Difference between revisions of "Install/BootLoader"

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(Created page with "<noinclude> {{Note|This is a template that is used as part of the Installation instructions, which covers boot loader installation. Templates are being used to allow multiple...")
 
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<noinclude>
 
<noinclude>
{{Note|This is a template that is used as part of the Installation instructions, which covers boot loader installation. Templates are being used to allow multiple variant install guides that use most of the same re-usable parts.}}
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{{InstallPart|boot loader configuration}}
</noinclude>
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</noinclude>=== Installing a Bootloader ===
=== Installing a Bootloader ===
 
  
{{fancynote|An alternate boot loader called extlinux can be used instead of GRUB if you desire. See the [[Extlinux|extlinux Guide]] for information on how to do this.}}
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These install instructions show you how to use GRUB to boot using BIOS (old-school) or UEFI (new-school). As of boot-update-1.7.2, now in Portage, the steps are very similar.
  
==== Installing Grub ====
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First, emerge <code>boot-update</code>. This will also cause <code>grub-2</code> and {{c|efibootmgr}} to be merged, since they are dependencies:
 
 
The boot loader is responsible for loading the kernel from disk when your computer boots. For new installations, GRUB 2 and Funtoo's boot-update tool should be used as a boot loader. GRUB supports both GPT/GUID and legacy MBR partitioning schemes.
 
 
 
To use this recommended boot method, first emerge <code>boot-update</code>. This will also cause <code>grub-2</code> to be merged, since it is a dependency of <code>boot-update</code>. (You may need to adjust <code>GRUB_PLATFORMS</code> if you are on a UEFI system. See [[UEFI Install Guide]]).
 
  
 
<console>
 
<console>
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</console>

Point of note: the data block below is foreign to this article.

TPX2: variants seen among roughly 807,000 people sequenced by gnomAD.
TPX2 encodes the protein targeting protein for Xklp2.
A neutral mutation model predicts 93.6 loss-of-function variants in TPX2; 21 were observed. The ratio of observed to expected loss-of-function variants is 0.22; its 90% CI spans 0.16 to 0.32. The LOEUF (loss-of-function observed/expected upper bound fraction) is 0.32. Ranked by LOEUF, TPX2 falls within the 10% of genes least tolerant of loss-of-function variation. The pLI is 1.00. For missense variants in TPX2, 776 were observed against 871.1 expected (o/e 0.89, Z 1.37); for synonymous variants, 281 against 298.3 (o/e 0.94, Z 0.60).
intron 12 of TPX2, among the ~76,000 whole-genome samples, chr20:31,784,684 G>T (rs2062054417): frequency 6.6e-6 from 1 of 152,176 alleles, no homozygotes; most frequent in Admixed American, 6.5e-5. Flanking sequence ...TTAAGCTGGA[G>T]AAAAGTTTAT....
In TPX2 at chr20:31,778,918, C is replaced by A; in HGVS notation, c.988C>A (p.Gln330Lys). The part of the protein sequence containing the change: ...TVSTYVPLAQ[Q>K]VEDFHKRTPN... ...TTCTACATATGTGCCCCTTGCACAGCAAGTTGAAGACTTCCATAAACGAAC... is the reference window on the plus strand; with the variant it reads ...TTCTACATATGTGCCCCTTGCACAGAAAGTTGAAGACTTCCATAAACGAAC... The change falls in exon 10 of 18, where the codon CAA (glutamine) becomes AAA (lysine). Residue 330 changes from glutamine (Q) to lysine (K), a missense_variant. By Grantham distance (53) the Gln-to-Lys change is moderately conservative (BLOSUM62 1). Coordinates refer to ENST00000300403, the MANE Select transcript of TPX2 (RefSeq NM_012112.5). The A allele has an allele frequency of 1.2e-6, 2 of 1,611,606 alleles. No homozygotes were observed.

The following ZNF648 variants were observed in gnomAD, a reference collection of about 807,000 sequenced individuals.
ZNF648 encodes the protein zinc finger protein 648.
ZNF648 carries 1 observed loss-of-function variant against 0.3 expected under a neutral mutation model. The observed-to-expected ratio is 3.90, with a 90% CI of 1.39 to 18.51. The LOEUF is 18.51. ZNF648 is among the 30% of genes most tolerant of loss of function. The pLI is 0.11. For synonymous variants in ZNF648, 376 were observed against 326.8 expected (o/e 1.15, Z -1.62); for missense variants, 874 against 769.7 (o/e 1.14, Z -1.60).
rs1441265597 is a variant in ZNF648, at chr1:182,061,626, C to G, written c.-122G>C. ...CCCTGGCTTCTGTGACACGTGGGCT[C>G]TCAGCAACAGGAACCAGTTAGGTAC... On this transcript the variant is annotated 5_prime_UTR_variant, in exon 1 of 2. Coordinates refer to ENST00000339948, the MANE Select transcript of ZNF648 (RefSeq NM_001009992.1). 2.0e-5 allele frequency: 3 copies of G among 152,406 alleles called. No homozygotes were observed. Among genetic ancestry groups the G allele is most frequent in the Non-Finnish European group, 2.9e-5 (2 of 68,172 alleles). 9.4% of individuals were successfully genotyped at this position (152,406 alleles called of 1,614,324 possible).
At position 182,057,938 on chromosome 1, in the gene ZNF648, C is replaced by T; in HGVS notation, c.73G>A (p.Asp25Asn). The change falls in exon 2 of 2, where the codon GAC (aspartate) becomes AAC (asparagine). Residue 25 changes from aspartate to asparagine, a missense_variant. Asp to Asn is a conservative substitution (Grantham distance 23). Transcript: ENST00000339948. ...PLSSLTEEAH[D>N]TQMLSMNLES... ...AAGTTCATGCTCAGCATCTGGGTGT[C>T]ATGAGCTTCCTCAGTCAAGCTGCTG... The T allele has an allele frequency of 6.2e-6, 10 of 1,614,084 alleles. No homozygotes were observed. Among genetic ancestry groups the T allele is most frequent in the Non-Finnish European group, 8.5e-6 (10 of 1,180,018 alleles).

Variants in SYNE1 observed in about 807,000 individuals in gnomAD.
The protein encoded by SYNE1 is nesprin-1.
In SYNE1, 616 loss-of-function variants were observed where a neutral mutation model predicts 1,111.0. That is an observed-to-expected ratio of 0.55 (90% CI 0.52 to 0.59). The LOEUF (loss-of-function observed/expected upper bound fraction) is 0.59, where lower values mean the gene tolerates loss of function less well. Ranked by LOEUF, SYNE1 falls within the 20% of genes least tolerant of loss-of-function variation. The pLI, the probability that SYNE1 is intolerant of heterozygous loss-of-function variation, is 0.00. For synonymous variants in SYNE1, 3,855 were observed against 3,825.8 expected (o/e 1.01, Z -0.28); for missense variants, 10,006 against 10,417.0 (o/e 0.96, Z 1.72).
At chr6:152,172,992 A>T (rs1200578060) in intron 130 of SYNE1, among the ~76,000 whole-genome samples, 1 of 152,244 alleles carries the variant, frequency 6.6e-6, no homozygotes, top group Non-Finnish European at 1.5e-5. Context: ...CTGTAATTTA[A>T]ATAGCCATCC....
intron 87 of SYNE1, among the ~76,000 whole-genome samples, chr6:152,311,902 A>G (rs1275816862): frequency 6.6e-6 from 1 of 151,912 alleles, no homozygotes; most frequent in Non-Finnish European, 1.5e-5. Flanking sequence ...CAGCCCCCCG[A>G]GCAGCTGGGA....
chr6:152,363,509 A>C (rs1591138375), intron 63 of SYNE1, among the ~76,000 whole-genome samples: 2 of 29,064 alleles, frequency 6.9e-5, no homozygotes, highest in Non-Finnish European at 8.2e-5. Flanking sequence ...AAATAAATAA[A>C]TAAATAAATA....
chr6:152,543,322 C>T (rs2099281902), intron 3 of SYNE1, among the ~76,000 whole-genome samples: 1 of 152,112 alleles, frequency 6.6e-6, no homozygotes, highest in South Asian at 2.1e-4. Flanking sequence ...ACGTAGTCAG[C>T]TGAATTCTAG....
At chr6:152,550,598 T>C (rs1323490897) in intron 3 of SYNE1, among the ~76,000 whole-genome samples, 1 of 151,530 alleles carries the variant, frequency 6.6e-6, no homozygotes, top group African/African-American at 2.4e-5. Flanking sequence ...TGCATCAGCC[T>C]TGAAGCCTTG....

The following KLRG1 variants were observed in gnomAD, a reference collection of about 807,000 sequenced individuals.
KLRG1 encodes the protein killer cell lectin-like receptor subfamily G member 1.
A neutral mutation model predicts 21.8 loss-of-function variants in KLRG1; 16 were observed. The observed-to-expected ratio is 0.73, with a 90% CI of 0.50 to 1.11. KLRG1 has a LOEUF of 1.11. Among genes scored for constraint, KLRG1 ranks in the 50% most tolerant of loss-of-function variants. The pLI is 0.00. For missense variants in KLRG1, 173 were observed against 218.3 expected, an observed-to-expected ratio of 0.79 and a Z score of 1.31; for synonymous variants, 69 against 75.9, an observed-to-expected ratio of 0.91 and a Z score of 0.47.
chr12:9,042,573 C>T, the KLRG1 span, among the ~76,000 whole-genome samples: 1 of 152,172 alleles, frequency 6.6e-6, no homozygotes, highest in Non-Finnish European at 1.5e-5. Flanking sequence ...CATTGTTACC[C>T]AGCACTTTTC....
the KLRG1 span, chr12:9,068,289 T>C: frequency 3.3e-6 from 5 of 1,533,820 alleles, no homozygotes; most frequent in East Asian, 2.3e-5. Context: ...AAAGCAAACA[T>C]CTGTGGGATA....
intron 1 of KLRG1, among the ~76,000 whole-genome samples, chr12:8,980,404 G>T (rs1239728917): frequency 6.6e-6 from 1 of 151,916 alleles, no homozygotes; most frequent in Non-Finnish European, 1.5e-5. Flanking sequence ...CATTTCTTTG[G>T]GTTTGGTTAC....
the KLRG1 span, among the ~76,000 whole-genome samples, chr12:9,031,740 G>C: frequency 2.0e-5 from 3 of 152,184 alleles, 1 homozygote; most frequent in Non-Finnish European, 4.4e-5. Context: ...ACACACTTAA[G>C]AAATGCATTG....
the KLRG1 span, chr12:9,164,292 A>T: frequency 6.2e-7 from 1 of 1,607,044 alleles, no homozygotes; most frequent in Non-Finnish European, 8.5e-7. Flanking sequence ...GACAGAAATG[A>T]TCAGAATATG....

</console>
  
Then, edit <code>/etc/boot.conf</code> and specify "<code>Funtoo Linux genkernel</code>" as the <code>default</code> setting at the top of the file, replacing <code>"Funtoo Linux"</code>.  
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Then, edit <code>/etc/boot.conf</code> using {{c|nano}} and specify "<code>Funtoo Linux genkernel</code>" as the <code>default</code> setting at the top of the file, replacing <code>"Funtoo Linux"</code>.  
  
 
<code>/etc/boot.conf</code> should now look like this:
 
<code>/etc/boot.conf</code> should now look like this:
  
<pre>
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{{file|name=/etc/boot.conf|body=
 
boot {
 
boot {
        generate grub
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generate grub
        default "Funtoo Linux genkernel"
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default "Funtoo Linux genkernel"  
        timeout 3  
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timeout 3  
 
}
 
}
  
 
"Funtoo Linux" {
 
"Funtoo Linux" {
        kernel bzImage[-v]
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kernel bzImage[-v]
        # params += nomodeset
 
 
}
 
}
  
 
"Funtoo Linux genkernel" {
 
"Funtoo Linux genkernel" {
# if you use bliss-kernel package
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kernel kernel[-v]
# you should change string
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initrd initramfs[-v]
# kernel kernel[-v]
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params += real_root=auto  
# to
 
# kernel kernel/[-v]/kernel[-v]
 
        kernel kernel[-v]
 
        initrd initramfs[-v]
 
        params += real_root=auto  
 
        # params += nomodeset
 
 
}  
 
}  
</pre>
 
  
If you use bliss-kernel, your <code>/etc/boot.conf</code> should look like:
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"Funtoo Linux better-initramfs" {
 +
kernel vmlinuz[-v]
 +
initrd /initramfs.cpio.gz
 +
}
 +
}}
  
<pre>
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If you are booting a custom or non-default kernel, please read <code>man boot.conf</code> for information on the various options available to you.
boot {
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        generate grub
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==== Old School (BIOS) MBR ====
        default "Funtoo Linux genkernel"
 
        timeout 3
 
}
 
  
"Funtoo Linux" {
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When using "old school" BIOS booting, run the following command to install GRUB to your MBR, and generate the {{c|/boot/grub/grub.cfg}} configuration file that GRUB will use for booting:
        kernel bzImage[-v]
 
        # params += nomodeset
 
}
 
  
"Funtoo Linux genkernel" {
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<console>
        kernel kernels/[-v]/kernel[-v]